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Comment Hmm... interesting. (Score 1) 180

Given the small numbers of fires so far and the fact that they already limited charging, this makes me think that they now believe the problem will get worse over time—i.e. it's not just that a few units are affected by the poor design choice with battery tolerances, when exposed to just the right conditions, but that EVERY unit has an elevated likelihood of going up in smoke over time, i.e. the ticking time bomb phenomenon.

"We've analyzed their attack sir, and there is a danger."

Otherwise, this would seem to be quite a drastic move.

Comment Re:Would it be positive for your customers? (Score 5, Informative) 158

"Stream Game of Thrones now without using your data, exclusively on AT&T" is something that carriers and content providers really want to do.

Close. They want the MONEY that comes with EXCLUSIVITY.

Somebody is paying for that. The big companies want it to be HBO or Showtime or Disney or whoever, spending tons of money to other big companies so the big companies can promote their big ideas.

The problem is that everybody else is excluded. Want to be in the Free Data system? Pay up. This is completely against the concept of net neutrality where all content is treated as equal content.

Prioritization is a similar issue. It is true that networks need to prioritize some types of data over other types of data. Phone calls shouldn't be buffered behind a large file transfer, so a limited degree of QoS needs to take place. But categorizing one provider over another provider is unfair. Having HBO streaming arrive at a higher QoS priority and Netflix streaming appear dead last in the QoS where it is constantly buffering and suffering lost packets because Netflix refused to pay up, that is unfair to customers.

If I pay for data it should not matter to the phone company what data I get. They should be treated as common carriers. If I want to stream data from a premium channel, or from youtube, or from a private website, or from a site the phone company thinks is undesirable, it should not matter at all. Customer pays to stream data at a specific speed, then the data should be processed at that speed. Just like common carriers of the postal service or parcel companies, if the customer pays to transfer something then it gets transferred, they don't decide to keep one company's boxes in the warehouse for an extra week just because they didn't pay an extra fee, it arrives in the warehouse it is processed just like every other package. There are still QoS for certain types of packages, a "next day air" versus regular ground shipment, but nothing is delayed because of the carrier's choices.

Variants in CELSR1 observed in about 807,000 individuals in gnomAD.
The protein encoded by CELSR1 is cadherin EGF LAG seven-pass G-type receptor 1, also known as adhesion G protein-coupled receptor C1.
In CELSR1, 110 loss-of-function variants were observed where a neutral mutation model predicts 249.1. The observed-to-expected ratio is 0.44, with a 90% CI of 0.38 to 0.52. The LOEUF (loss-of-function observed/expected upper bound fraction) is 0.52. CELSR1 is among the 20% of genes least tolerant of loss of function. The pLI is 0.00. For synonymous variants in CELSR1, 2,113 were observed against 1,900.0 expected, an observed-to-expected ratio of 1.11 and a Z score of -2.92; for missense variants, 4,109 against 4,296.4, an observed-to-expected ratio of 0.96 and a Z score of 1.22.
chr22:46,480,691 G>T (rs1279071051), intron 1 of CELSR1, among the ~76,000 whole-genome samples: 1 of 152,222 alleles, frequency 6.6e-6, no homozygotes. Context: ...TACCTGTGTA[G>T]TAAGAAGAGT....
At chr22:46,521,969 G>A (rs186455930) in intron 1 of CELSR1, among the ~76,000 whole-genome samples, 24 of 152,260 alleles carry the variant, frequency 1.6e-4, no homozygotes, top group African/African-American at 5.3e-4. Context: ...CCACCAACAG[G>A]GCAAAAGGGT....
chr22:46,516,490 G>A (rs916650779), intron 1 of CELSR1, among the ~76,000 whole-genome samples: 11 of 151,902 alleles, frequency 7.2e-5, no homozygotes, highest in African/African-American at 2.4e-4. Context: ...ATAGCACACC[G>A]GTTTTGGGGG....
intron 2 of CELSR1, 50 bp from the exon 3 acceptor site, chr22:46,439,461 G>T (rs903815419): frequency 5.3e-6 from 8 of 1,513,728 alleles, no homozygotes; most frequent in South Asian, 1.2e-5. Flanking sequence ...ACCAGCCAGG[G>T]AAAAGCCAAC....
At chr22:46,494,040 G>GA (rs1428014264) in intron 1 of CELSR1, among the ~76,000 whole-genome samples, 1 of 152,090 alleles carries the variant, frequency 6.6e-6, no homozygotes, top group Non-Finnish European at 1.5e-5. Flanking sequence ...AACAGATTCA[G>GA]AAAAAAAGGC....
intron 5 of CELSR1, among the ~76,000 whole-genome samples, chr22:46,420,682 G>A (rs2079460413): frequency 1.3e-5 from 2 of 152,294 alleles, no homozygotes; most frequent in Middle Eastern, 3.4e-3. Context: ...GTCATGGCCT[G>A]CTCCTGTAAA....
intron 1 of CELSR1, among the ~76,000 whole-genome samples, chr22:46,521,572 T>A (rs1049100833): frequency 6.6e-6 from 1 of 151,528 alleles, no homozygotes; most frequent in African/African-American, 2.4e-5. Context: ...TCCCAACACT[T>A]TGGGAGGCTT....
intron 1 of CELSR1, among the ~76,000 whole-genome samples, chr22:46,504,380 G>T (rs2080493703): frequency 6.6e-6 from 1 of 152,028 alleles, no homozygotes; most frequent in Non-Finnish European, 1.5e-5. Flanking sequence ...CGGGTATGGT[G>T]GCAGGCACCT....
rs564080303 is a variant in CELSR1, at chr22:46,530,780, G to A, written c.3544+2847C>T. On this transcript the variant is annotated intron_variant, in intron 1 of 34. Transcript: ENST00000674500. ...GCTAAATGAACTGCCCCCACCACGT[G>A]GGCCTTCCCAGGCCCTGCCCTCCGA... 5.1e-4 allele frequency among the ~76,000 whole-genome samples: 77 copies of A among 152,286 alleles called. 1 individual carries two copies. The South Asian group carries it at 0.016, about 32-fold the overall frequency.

Binge-On is great this way. The customer can say "throttle ALL my data", or "stop throttling ALL my data". It isn't the phone company getting paid to bless a specific company with different speeds.

Comment Re:Indulgences (Score 1) 176

Once electricity is in the grid, it is fungible.

Within a local network, yes.

But power in Los Angeles is a totally different system from the power in Portland, which are totally different systems from the one in New York City, which are totally different systems from the one in Dublin Ireland.

If the local power grid is powered entirely by fossil fuels, extra energy credits will not replace it with wind or solar or hydro power. Only building a new energy source (expensive) or running cables to another power supply (expensive and also suffers from energy loss over distance) will bring the other power to the system.

If a region is powered by fossil fuels, the payments do not magically make the region powered by renewable energy.

Comment Re:I beg to differ (Score 1) 161

That only works if the damage was on the plastic side of the disc. Quite a few we received had issues on the reflective side, including a few that had human teeth marks on the side, and others with small points that may have been dog teeth or something.

That is in addition to scratches, grooves, and the occasional toothbrush scrub marks on the thick plastic side.